I’m something of a rarity among Lancastrians in that I actually like Headingley.
There are plenty of reasons not to, not least the preponderance of Tykes around the place. The playing area is surrounding by a concrete track, around which, throughout the day, endless numbers of folk of the White Rose County perambulate perpetually, halted only by stewards closing the barriers at alternate ends to keep them from walking behind the bowler’s arm.
So, if you want a view of the cricket uninterrupted by Yorkshire bodies, you must either take one of the glorified school-type chairs ringing the boundary boards, or must seek somewhere to sit with a little height.
Unfortunately, in the glory days of my regular visits to Headingley, this was limited to three places, the Football Stand, the Western Terrace and the top deck of the Winter Shed. And the Football Stand (which was named for how it was two-faced, backing onto the Rugby ground), was inside that half of the ground that was only accessible by Members, Yorkshire or Visiting.
(There was, I discovered by chance, a way around that restriction, as described in my novel Tempus Infinitive (https://mbc1955.wordpress.com/2012/10/03/tempus-infinitive-the-tempus-trilogy-book-2/), though becoming a Lancashire member in 1986 removed the need to sneak about).
The Football Stand was superb, and you could get yourself a seat directly behind the bowler’s arm at that end. As for the Western Terrace, which now rings with controversy at Test level, lies 90 degrees to the pitch, and is of such a low camber that, by the time you reach the highest row of seats, you are nearer to Bradford than to Leeds.
Which left me, at first, with the Winter Shed, high, exposed, with a glorious view, albeit from a widish long on/long leg position vis-à-vis the wicket.
Mind you, as the photo above demonstrates, it’s all changed now.
I’ve had a variety of experiences at Headingley, but one in particular stands out as especially outstanding. Given Headingley’s reputation as a bowler’s wicket, it seems utterly improbable that I should spend a day there during which 382 runs would be scored, in three successive unbroken century partnerships. Yes, 382 runs, in a single day of County Cricket, without a single wicket being taken. At Headingley! How did this come about?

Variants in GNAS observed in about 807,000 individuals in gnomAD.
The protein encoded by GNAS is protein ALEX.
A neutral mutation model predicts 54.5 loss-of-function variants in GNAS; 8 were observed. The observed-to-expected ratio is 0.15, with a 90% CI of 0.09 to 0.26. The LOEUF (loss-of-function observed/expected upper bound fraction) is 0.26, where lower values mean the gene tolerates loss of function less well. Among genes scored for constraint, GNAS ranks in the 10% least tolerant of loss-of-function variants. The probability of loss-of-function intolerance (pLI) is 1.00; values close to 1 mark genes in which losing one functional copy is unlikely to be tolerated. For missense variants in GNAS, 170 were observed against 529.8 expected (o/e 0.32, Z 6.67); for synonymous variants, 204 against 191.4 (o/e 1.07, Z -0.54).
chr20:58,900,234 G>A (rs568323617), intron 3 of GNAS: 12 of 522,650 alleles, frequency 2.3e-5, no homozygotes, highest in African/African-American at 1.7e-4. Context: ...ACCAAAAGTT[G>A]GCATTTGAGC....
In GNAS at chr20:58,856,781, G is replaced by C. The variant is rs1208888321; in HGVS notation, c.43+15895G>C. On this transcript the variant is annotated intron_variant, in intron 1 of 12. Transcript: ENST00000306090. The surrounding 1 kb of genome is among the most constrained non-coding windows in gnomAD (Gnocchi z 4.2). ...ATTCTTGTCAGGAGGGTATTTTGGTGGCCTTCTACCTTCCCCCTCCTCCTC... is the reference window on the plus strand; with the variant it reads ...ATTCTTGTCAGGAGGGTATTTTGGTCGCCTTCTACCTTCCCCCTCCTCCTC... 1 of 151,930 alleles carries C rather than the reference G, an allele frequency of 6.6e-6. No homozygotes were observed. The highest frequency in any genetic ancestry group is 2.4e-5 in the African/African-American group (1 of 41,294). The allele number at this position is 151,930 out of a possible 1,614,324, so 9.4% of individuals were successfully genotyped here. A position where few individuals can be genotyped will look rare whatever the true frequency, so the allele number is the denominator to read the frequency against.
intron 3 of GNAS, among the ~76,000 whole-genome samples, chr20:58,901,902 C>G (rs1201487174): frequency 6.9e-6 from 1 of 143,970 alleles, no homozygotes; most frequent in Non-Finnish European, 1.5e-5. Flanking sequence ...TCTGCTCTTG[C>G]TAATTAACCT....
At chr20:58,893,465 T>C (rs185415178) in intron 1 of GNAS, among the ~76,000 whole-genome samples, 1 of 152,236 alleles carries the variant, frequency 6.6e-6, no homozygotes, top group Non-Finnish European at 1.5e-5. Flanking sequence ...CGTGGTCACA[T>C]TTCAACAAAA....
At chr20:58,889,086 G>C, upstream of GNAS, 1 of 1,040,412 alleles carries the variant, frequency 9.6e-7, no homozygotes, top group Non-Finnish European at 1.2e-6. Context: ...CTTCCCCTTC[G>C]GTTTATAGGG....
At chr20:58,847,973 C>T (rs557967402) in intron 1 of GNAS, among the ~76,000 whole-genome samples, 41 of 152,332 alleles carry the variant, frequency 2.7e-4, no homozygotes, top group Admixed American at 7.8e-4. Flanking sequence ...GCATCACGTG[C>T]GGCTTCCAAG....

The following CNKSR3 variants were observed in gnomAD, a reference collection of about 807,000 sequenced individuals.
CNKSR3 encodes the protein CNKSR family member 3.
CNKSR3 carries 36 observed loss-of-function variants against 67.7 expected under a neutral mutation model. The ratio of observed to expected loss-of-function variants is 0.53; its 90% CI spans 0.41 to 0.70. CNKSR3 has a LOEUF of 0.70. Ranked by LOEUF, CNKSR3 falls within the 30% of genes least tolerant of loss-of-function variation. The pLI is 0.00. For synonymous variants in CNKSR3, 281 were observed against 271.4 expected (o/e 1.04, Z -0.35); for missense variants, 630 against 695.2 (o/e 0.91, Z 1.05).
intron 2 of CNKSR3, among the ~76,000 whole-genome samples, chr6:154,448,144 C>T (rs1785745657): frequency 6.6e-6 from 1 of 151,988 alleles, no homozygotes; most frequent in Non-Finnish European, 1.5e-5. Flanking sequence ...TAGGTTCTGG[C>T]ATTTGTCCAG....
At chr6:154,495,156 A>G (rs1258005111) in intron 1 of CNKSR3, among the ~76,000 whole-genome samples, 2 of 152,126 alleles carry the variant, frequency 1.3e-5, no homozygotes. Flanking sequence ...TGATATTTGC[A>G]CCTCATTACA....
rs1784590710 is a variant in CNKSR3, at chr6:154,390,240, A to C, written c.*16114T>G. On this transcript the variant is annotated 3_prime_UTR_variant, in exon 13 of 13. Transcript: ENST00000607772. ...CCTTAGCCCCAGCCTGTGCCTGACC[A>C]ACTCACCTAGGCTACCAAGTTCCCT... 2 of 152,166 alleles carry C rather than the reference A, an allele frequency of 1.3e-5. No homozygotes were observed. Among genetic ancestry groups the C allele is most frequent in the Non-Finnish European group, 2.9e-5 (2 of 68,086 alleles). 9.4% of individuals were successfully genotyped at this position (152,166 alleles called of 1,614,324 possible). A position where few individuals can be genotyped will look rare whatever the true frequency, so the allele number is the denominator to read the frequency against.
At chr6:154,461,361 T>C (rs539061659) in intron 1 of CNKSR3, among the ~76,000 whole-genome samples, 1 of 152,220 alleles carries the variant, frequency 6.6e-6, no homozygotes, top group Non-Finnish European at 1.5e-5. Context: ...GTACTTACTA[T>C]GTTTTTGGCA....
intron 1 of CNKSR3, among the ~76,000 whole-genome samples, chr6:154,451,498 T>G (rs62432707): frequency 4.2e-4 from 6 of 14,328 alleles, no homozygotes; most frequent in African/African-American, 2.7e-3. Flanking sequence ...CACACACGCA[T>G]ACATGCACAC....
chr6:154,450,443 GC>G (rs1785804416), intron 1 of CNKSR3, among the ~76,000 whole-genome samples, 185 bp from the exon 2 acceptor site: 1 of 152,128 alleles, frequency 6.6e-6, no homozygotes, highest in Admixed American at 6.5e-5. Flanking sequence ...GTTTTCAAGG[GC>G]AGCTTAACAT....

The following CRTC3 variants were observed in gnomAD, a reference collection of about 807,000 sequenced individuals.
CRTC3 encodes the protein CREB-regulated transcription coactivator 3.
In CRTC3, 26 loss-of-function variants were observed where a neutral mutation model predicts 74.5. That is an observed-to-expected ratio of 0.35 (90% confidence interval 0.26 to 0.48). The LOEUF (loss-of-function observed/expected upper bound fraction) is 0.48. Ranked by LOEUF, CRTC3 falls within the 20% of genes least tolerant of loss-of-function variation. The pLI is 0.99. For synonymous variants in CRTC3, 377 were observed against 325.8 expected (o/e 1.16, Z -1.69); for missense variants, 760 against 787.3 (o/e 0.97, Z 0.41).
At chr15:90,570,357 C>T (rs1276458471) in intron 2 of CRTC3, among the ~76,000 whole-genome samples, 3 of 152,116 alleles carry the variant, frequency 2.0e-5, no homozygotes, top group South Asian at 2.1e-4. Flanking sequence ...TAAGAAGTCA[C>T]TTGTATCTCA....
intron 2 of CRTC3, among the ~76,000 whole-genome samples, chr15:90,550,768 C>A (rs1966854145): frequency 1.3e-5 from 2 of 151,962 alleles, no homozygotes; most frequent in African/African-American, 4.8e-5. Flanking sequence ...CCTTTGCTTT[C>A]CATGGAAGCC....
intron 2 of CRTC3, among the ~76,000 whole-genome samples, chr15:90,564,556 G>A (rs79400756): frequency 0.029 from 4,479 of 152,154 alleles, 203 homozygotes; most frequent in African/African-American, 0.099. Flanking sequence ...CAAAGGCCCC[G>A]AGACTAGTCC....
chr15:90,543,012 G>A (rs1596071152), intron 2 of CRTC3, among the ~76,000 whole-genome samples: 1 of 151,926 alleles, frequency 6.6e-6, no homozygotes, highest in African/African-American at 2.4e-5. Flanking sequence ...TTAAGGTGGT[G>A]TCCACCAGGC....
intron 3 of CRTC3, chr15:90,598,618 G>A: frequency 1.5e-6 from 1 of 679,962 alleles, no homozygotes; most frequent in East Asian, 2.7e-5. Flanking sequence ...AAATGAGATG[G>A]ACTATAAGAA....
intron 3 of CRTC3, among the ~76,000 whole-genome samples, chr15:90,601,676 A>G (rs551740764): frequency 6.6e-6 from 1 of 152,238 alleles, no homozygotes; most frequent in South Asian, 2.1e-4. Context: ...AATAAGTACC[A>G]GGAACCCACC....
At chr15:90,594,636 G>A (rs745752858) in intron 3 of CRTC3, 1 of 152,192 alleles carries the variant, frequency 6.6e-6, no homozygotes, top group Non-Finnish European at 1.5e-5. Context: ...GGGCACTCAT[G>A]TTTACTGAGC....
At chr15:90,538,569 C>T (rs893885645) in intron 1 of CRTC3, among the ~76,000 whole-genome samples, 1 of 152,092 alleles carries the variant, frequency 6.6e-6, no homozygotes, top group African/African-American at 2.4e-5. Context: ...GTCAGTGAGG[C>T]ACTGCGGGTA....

This was, of course, taking place during a Roses Match, there being no other game below Test Matches that could lure me to Headingley. It took place over the 1st, 3rd and 4th August 1987, in the days when County Cricket was still all three day games. Lancashire scored 356 all out in their first innings and Yorkshire, beginning their reply on Monday, had reached 125 when the second wicket went down in the middle of the afternoon session.
I was sat on the top deck of the Winter Shed, as usual, enjoying the sun, and a good, exposed tree-top level view towards the centre of Leeds. That’s how I picked up early on the clouds beginning to mass.
The ground was still in sunshine, but the clouds in the distance were merging into an increasingly dark mass, and they were drawing slowly nearer. The combination of approaching dark clouds and a clear, sunny sky overhead is a definite sign of trouble, and I decided to gather my things together and make a break for the Football Stand and the only realistic shelter in the ground if it started to pelt down, which I was convinced was going to happen with at most the next thirty minutes.
I walked around the concrete track, mingling with the Tykes, diverted to the Gents down the side of the Football Stand, quickly exercised the facilities and emerged out the other end into the Rugby Ground. I’d been here often enough to know what to aim for so it was a simple case of across and up, through the door (once the ongoing over at this end finished) and slip into a seat. Once you were in the charmed half-circle reserved for members, you were never challenged for a member’s card.
From here, I could no longer see the advancing cloud, but the sky above the cricket ground was getting increasingly dull, and I was congratulating myself on my fore-sightedness. And then it started. Big, heavy, single drops, splattering on the walkway, quickly turning into a continuous rain that had the Umpires halting play and signalling for the covers to come on, whilst the players started to disperse, rapidly, in the direction of the old Pavilion.